For example, the Democratic People’s Republic of Korea which could be seen as neither democratic, republican or being for the people.

Or Bernie Sanders being called a democratic socialist when his political views align with the Nordic model and maybe social democracy as confirmed by The Economist.

Is this a kind of association fallacy?

It seems a bit thinner than that and the validity of the argument solely rests on the meaning of the word without verifying if the labelled corresponds to the label.


A name that aptly describes the person or thing it refers to is an aptronym; one which describes the opposite attributes is an inaptronym.

There is a hypothesis that when a person is named a certain way, they tend to behave in a way that fits their name; this is called nominative determinism. There does not seem to be a term describing the opposite idea; if you like, you might call it “nominative indeterminism”.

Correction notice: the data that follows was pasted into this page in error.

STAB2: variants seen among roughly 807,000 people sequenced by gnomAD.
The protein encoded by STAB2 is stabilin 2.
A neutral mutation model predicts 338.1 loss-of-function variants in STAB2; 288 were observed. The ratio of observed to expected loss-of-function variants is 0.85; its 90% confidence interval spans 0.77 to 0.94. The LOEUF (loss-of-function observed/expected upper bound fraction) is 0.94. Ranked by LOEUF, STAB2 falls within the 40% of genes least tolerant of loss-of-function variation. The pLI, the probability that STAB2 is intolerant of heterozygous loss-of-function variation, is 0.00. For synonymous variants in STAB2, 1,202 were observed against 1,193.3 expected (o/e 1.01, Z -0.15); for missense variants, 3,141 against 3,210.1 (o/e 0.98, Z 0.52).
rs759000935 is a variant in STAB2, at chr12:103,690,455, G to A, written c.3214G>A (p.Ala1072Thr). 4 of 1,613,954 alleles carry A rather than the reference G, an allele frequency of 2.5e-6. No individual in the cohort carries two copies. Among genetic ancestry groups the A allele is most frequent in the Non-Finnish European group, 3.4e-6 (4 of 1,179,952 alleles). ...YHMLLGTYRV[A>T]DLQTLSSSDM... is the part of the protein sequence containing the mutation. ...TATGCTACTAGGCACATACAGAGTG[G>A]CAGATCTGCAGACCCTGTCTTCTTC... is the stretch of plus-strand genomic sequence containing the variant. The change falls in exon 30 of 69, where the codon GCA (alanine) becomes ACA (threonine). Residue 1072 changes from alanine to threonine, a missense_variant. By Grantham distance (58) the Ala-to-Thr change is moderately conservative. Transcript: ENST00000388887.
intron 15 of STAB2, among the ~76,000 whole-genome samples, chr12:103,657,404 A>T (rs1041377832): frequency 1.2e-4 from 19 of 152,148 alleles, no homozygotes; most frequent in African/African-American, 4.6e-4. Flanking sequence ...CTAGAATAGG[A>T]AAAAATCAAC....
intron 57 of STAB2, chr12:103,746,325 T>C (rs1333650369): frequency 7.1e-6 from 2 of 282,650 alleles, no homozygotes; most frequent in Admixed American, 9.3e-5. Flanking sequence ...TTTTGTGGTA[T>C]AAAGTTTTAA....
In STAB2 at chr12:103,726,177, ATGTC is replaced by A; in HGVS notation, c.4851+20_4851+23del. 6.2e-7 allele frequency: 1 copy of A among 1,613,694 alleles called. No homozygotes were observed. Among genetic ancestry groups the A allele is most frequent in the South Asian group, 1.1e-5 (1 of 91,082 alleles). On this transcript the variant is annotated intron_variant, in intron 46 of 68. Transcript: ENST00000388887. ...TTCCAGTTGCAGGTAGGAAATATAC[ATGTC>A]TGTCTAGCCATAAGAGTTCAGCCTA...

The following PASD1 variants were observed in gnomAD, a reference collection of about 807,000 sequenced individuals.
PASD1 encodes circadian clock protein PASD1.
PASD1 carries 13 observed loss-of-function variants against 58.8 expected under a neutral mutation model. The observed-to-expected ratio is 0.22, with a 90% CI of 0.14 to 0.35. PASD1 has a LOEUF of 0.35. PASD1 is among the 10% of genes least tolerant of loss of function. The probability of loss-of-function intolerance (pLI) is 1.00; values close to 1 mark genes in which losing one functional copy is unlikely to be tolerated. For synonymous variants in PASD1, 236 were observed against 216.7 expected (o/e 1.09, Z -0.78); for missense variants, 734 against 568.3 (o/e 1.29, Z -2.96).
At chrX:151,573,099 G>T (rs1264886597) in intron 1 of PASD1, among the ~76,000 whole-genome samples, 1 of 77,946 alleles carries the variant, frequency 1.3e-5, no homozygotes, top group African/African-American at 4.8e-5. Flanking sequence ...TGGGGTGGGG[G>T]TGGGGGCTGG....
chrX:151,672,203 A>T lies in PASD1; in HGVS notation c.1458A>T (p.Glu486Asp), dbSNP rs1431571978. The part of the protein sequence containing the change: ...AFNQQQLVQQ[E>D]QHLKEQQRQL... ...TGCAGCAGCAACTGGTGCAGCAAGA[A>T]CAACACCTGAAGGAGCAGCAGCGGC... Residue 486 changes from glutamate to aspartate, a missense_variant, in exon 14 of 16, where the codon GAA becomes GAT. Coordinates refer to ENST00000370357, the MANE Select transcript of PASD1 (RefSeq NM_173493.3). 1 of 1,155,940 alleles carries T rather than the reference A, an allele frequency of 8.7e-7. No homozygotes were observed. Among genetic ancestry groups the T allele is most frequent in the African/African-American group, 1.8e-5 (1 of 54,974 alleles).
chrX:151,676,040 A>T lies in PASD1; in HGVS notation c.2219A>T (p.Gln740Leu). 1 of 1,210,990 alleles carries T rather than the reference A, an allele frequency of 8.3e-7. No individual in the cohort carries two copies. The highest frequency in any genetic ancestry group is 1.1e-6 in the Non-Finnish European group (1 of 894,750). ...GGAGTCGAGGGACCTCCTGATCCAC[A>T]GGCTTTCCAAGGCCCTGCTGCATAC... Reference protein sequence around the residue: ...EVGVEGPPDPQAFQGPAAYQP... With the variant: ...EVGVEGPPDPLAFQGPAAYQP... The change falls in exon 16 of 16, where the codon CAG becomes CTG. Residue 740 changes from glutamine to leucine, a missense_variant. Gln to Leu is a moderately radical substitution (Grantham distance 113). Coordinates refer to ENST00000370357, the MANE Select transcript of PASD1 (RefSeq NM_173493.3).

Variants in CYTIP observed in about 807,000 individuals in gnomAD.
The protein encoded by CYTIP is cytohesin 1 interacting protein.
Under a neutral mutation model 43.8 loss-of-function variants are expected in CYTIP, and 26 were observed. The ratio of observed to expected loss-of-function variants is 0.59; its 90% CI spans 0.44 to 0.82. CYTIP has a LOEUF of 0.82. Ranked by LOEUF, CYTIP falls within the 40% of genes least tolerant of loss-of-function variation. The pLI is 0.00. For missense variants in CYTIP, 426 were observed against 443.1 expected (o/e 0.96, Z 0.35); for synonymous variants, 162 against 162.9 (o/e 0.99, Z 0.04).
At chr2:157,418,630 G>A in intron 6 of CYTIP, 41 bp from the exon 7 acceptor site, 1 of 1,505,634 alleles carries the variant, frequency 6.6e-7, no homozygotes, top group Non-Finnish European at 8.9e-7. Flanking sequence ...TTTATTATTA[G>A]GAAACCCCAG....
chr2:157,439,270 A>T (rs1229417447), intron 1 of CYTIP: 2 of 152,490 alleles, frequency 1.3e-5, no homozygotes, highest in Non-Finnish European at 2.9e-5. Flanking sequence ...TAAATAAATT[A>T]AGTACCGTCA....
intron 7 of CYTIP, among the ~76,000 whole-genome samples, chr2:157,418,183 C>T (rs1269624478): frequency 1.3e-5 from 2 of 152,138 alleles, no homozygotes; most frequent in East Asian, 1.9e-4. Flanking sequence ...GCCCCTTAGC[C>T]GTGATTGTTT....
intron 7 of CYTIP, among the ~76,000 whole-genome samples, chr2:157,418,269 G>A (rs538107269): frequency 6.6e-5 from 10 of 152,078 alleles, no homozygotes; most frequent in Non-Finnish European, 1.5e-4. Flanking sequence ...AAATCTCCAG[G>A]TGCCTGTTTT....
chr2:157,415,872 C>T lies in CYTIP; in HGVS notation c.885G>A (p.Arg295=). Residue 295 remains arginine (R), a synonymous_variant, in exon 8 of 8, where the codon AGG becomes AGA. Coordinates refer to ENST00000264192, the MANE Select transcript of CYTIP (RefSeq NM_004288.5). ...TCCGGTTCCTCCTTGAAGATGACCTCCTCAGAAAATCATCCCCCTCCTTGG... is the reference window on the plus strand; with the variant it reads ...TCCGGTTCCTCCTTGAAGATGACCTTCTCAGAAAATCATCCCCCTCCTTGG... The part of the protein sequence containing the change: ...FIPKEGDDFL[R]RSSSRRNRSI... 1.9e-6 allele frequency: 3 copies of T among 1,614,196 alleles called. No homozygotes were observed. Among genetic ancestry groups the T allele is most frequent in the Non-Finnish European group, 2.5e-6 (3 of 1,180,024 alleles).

• What would the "opposite idea" be? That behaviour of people is not related to the label that is imposed unto them (which could be called a kind of indetermism), or that people would behave in the opposite way to what implied in the label (eg, a person labeled a "Democrat" in the US context starts to oppose abortion rights and to support second ammendment rights because of being labeled a Democrat). The latter case would fall under "nominative determinism", although of a paradoxical kind of determination. – Luís Henrique Aug 4 '16 at 15:10
  • Thank you for bringing up these notions @George Law. What is a word to describe the fact of calling something red blue? Or the assumption made that someone is, say, a pilot because they said they were a pilot when they weren't necessarily one? – James P. Feb 1 '17 at 1:22

The fallacy might be in the nature of knowledge itself. From a scientific viewpoint, giving a name to something is not necessarily knowledge. This is the whole issue about classifications, e.g. in biology.

See the famous remark of Richard Feynman Names don't constitute knowledge.

Your Answer

By clicking “Post Your Answer”, you agree to our terms of service, privacy policy and cookie policy

Not the answer you're looking for? Browse other questions tagged or ask your own question.